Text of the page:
RICHMOND, Va. (WRIC)- Governor Glenn Youngkin’s administration is releasing more information on their plan to kickstart new schools across Virginia.
The first lab schools are expected to open as early as fall 2023 with more to follow in 2024, according to a presentation given to the State Board of Education this week. Under the timeline laid out by Secretary of Education Aimee Rogstad Guidera, the application form for new planning grants is expected to be posted at the end of August.
“This is a really fast timeline. It can be done, but this is a really ambitious timeline to open schools,” Andy Rotherham, a member of the board, said on Wednesday.
To launch a lab school, institutions of higher education will collaborate with school divisions to create an innovative program that’s tailored toward local needs and workforce demands.
“Our one size fits all system is not serving all kids,” Guidera said.
Lab schools are tuition-free and have no religious affiliation. They’re subject to the same state and federal laws that guide public education, including the standards of quality, learning and accreditation.
The State Board of Education is charged with approving contracts for proposed programs, which will be carried out by a separate board of stakeholders chosen to oversee the lab school.
Guidera said, while the concept is not new, this is the first time lawmakers are putting state funding towards starting lab schools. The General Assembly approved $100 million for grants that will be used for planning, start-up costs and operations.
Guidera said there is enough money for 25 planning grants but at least 36 institutions of higher education have expressed interest so far, according to her presentation.
“This has generated such extraordinary excitement on all fronts,” Governor Youngkin told the board during brief remarks on Wednesday.
Private businesses are also hoping to get involved.
“Google has committed $250,000 to make sure this gets launched. Amazon has committed to, not just the computer science work, but they have said these lab schools are a core part of their workforce development investments in the Commonwealth of Virginia. There is a commitment from LEGO,” Guidera said.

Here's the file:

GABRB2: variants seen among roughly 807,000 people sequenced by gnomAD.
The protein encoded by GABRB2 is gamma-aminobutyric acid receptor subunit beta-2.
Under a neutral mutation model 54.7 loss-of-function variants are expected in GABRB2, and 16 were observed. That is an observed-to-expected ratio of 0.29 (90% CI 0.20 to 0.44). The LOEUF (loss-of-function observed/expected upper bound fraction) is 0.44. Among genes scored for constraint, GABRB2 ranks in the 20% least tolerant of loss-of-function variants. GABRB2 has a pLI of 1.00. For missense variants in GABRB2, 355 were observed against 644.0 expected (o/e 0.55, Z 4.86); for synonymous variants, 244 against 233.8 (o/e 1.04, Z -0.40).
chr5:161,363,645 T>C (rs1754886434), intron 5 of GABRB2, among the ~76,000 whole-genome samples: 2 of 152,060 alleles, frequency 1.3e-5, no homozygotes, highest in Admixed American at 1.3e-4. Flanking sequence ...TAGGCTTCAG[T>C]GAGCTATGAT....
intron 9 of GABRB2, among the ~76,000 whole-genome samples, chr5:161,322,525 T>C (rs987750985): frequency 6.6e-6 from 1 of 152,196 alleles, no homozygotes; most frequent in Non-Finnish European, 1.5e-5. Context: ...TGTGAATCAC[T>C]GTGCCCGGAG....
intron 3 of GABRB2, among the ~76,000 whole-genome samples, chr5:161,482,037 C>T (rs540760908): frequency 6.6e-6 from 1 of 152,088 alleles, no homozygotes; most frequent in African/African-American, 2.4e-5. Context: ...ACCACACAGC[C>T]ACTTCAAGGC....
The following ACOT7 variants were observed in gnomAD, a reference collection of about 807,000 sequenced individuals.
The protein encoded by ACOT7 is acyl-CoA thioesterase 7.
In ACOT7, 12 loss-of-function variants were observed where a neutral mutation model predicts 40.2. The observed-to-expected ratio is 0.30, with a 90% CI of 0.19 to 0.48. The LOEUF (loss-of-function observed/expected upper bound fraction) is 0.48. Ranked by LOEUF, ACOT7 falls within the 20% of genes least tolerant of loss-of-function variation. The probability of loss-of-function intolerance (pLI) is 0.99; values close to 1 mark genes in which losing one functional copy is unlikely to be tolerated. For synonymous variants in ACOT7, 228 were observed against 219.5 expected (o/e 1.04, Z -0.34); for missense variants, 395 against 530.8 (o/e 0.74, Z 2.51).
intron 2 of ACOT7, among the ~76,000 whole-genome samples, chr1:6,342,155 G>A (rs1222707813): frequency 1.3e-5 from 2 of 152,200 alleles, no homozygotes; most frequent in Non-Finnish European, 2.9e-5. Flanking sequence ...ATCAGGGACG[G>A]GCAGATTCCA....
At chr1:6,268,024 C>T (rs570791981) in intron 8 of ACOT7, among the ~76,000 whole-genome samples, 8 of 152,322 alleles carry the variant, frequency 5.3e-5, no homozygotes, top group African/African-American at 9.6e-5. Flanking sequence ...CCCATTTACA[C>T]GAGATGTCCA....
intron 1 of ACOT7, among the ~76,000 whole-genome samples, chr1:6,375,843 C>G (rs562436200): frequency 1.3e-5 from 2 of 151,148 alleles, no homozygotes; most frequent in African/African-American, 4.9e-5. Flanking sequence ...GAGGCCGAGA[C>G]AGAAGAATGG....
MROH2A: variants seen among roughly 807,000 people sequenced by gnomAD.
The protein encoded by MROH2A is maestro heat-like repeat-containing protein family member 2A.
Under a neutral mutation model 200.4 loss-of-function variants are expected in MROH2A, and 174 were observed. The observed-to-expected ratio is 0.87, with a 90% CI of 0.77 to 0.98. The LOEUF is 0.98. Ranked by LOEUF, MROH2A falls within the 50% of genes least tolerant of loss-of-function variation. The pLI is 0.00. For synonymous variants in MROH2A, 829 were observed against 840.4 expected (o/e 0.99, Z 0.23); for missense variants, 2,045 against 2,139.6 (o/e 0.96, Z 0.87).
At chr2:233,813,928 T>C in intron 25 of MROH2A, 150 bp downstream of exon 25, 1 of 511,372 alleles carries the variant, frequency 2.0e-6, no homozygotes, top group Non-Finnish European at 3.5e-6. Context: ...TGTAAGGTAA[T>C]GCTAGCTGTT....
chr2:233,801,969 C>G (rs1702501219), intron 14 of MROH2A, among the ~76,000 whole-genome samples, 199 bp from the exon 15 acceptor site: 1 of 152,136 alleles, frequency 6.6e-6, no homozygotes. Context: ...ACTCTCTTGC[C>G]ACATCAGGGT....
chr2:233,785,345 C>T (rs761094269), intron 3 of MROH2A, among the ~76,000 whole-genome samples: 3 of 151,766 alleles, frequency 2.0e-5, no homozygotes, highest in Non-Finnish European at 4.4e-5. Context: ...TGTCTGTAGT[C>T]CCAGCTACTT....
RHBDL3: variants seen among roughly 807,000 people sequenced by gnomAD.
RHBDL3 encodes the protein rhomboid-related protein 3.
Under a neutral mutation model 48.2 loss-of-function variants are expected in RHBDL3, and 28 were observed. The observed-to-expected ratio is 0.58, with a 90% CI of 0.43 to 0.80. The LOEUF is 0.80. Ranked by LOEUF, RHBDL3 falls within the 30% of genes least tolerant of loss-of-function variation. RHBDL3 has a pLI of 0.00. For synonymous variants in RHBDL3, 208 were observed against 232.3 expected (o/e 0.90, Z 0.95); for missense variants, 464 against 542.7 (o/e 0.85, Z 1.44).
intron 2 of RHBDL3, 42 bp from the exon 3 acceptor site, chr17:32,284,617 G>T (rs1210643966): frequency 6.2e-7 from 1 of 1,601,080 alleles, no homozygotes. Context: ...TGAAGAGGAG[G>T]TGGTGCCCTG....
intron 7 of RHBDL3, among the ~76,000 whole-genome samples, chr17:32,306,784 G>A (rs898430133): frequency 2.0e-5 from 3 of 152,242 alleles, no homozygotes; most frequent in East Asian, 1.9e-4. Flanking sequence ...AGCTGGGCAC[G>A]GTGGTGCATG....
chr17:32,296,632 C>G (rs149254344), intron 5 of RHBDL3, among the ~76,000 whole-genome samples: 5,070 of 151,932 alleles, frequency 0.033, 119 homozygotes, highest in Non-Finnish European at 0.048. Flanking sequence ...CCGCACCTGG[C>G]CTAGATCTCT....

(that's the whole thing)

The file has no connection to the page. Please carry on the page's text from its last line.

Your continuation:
The Virginia Education Association raised concerns about how lab schools will be sustained. State lawmakers allocated one-time funding and it’s not clear what the future holds.
“With no guarantee of continued state support in future years, we must avoid creating scenarios where new lab schools can only sustain for a single year with state support and, in turn, create significant disruption for students upon their closure,” said Chad Stewart, a policy analyst with the VEA.
Sustainability is among the factors that will be evaluated when considering applications for grant funding, according to Guidera.
“No plans are approved that do not deal with the sustainability issue because this is not a flash-in-the-pan approach,” Guidera said.
A committee chosen to evaluate applications will also look at the targeted student population, the program description, the operations timeline and regional diversity.
“We will not put a second one in any region until there is one in every single region because we are serious about that regional diversity,” Guidera said.
Dr. Kume Goranson is the executive director of CodeRVA, a regional program focused on computer science that Youngkin has called a model for future lab schools. She said many of her students travel an hour or more to access the program.
“If similar computer science-focused lab schools existed in all regions of the commonwealth, many of our students would be able to attend schools closer to where they live while still accessing the curriculum that they love,” Goranson said.
As the effort picks up steam, some are still raising questions on whether the General Assembly’s actions earlier this year allow certain private universities and community colleges to receive grant funding. The Youngkin administration believes they can.
But in a July 28 letter to Senate Finance Committee Chair Janet Howell (D-Fairfax), two staff attorneys working for the Division of Legislative Services said lawmakers only authorized funding for “a public higher education center, institute, or authority.”